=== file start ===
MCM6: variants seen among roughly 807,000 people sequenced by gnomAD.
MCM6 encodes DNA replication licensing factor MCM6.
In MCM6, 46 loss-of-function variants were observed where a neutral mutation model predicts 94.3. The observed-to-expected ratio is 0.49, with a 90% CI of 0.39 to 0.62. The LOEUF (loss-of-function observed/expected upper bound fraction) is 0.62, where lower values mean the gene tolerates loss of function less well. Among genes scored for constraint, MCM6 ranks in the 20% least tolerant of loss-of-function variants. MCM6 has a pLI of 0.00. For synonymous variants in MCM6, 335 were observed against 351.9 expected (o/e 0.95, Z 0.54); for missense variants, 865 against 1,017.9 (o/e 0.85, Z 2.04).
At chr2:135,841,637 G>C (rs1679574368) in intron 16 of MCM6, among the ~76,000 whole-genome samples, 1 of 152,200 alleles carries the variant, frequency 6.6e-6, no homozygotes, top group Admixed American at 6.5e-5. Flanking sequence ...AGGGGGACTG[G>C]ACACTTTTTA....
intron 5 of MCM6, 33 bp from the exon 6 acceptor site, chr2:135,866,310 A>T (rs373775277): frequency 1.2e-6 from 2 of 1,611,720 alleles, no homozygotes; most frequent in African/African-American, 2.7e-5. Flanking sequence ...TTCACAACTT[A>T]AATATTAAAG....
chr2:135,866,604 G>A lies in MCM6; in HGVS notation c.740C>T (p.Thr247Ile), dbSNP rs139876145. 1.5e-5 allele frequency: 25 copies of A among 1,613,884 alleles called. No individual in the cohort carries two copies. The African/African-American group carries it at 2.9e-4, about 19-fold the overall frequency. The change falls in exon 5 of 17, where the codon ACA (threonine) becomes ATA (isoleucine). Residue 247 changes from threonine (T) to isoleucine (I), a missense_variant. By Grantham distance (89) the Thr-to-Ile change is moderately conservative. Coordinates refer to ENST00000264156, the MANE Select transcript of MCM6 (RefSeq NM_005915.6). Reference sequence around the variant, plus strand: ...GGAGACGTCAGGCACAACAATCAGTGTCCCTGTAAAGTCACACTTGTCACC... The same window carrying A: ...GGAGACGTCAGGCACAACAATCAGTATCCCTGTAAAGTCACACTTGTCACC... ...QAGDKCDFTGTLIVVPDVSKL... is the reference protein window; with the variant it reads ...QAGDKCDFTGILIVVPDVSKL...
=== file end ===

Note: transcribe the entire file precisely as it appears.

MCM6: variants seen among roughly 807,000 people sequenced by gnomAD.
MCM6 encodes DNA replication licensing factor MCM6.
In MCM6, 46 loss-of-function variants were observed where a neutral mutation model predicts 94.3. The observed-to-expected ratio is 0.49, with a 90% CI of 0.39 to 0.62. The LOEUF (loss-of-function observed/expected upper bound fraction) is 0.62, where lower values mean the gene tolerates loss of function less well. Among genes scored for constraint, MCM6 ranks in the 20% least tolerant of loss-of-function variants. MCM6 has a pLI of 0.00. For synonymous variants in MCM6, 335 were observed against 351.9 expected (o/e 0.95, Z 0.54); for missense variants, 865 against 1,017.9 (o/e 0.85, Z 2.04).
At chr2:135,841,637 G>C (rs1679574368) in intron 16 of MCM6, among the ~76,000 whole-genome samples, 1 of 152,200 alleles carries the variant, frequency 6.6e-6, no homozygotes, top group Admixed American at 6.5e-5. Flanking sequence ...AGGGGGACTG[G>C]ACACTTTTTA....
intron 5 of MCM6, 33 bp from the exon 6 acceptor site, chr2:135,866,310 A>T (rs373775277): frequency 1.2e-6 from 2 of 1,611,720 alleles, no homozygotes; most frequent in African/African-American, 2.7e-5. Flanking sequence ...TTCACAACTT[A>T]AATATTAAAG....
chr2:135,866,604 G>A lies in MCM6; in HGVS notation c.740C>T (p.Thr247Ile), dbSNP rs139876145. 1.5e-5 allele frequency: 25 copies of A among 1,613,884 alleles called. No individual in the cohort carries two copies. The African/African-American group carries it at 2.9e-4, about 19-fold the overall frequency. The change falls in exon 5 of 17, where the codon ACA (threonine) becomes ATA (isoleucine). Residue 247 changes from threonine (T) to isoleucine (I), a missense_variant. By Grantham distance (89) the Thr-to-Ile change is moderately conservative. Coordinates refer to ENST00000264156, the MANE Select transcript of MCM6 (RefSeq NM_005915.6). Reference sequence around the variant, plus strand: ...GGAGACGTCAGGCACAACAATCAGTGTCCCTGTAAAGTCACACTTGTCACC... The same window carrying A: ...GGAGACGTCAGGCACAACAATCAGTATCCCTGTAAAGTCACACTTGTCACC... ...QAGDKCDFTGTLIVVPDVSKL... is the reference protein window; with the variant it reads ...QAGDKCDFTGILIVVPDVSKL...